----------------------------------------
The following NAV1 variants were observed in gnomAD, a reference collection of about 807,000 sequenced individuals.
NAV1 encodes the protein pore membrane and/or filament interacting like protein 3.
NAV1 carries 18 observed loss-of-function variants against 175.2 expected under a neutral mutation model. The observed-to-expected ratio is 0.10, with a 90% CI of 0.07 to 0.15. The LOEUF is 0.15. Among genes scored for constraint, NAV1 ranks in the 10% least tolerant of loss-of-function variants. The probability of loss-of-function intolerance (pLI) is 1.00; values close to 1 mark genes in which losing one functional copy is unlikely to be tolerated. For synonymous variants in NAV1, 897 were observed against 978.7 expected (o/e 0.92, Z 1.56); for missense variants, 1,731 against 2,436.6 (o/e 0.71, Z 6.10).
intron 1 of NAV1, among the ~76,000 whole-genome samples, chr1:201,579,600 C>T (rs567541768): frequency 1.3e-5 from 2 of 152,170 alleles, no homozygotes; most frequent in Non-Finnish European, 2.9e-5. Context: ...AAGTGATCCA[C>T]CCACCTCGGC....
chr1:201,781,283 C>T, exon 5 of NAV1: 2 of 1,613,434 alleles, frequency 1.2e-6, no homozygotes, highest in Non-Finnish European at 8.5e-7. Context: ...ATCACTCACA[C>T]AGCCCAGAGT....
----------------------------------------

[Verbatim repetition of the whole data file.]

The following NAV1 variants were observed in gnomAD, a reference collection of about 807,000 sequenced individuals.
NAV1 encodes the protein pore membrane and/or filament interacting like protein 3.
NAV1 carries 18 observed loss-of-function variants against 175.2 expected under a neutral mutation model. The observed-to-expected ratio is 0.10, with a 90% CI of 0.07 to 0.15. The LOEUF is 0.15. Among genes scored for constraint, NAV1 ranks in the 10% least tolerant of loss-of-function variants. The probability of loss-of-function intolerance (pLI) is 1.00; values close to 1 mark genes in which losing one functional copy is unlikely to be tolerated. For synonymous variants in NAV1, 897 were observed against 978.7 expected (o/e 0.92, Z 1.56); for missense variants, 1,731 against 2,436.6 (o/e 0.71, Z 6.10).
intron 1 of NAV1, among the ~76,000 whole-genome samples, chr1:201,579,600 C>T (rs567541768): frequency 1.3e-5 from 2 of 152,170 alleles, no homozygotes; most frequent in Non-Finnish European, 2.9e-5. Context: ...AAGTGATCCA[C>T]CCACCTCGGC....
chr1:201,781,283 C>T, exon 5 of NAV1: 2 of 1,613,434 alleles, frequency 1.2e-6, no homozygotes, highest in Non-Finnish European at 8.5e-7. Context: ...ATCACTCACA[C>T]AGCCCAGAGT....